What Are Joe Biden And Bernie Sanders Doing To Avoid Getting The Coronavirus?

Community spread of the coronavirus within the United States has thrown a real wrench into the 2020 campaign season. In American politics, campaigning for president requires tons of air travel, massive rallies, and fundraisers with lines out the door of anonymous supporters waiting to press the flesh with their candidate of choice. Elizabeth Warren famously posed for tens of thousands of selfies, or as epidemiologists call it: tens of thousands of opportunities for infection. There's no other way to slice it: the primary season is an absolute nightmare for coronavirus mitigation and control.

Now that the race for the Democratic nomination has settled into a face off between Senator Bernie Sanders (D-VT) and Vice President Joe Biden (D-DE), voters are finally getting a chance to zero in on their choice of standard bearer come November. It's too bad that the zeroing in process should probably include far fewer events and even less actual pressing of flesh. Both Biden and Sanders are advanced septuagenarians (77 and 78, respectively), placing them in a high-risk demographic for serious complications from COVID-19. So what are they doing to protect themselves on the campaign trail?

Both candidates remain cavalier about their own risks

Unlike the germaphobe-in-chief, neither Sanders nor Biden has a reputation for compulsive hygiene. Vice President Biden in particular is a known hugger, ever willing to get up close and personal with his constituents. According to the Washington Post, neither campaign has stalled in response to the spread of COVID-19. Ahead of the March 10th primaries, both Biden and Sanders maintained a schedule that would run guys half their age ragged.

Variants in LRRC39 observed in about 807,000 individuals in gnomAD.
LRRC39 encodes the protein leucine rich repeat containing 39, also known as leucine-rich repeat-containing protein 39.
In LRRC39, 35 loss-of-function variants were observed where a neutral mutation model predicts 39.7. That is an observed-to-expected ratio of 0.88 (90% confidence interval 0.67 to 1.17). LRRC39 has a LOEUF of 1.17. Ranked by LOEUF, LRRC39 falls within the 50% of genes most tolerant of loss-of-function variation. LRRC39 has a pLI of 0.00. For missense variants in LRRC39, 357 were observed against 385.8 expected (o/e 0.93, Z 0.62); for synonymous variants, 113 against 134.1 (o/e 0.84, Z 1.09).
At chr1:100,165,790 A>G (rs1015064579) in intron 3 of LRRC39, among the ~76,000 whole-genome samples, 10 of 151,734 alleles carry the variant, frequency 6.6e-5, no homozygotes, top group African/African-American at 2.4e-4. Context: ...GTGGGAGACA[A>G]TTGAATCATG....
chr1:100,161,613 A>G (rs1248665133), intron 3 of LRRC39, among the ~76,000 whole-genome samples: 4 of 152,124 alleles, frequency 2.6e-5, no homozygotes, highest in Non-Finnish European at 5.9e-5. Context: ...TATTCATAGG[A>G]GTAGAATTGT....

Despite their willingness to travel, both candidates assured the press that they were heeding the advice of professional epidemiologists and their own personal physicians. Sanders, who suffered a heart attack back in October, has reduced hand-to-hand contact with supporters and expressed a willingness to limit appearances in the future should the situation with the coronavirus progress. We're not there yet, though, and until the medical community says otherwise these two 70-somethings are going to keep hitting the trail, and hitting it hard. According to CNN, both campaigns insist that they always consult with local public health officials before they stage a rally. When asked about his own personal safety, Sanders was dismissive. "I'm running for President of the United States," he said. "That requires a lot of work." I guess 78 really is the new 35.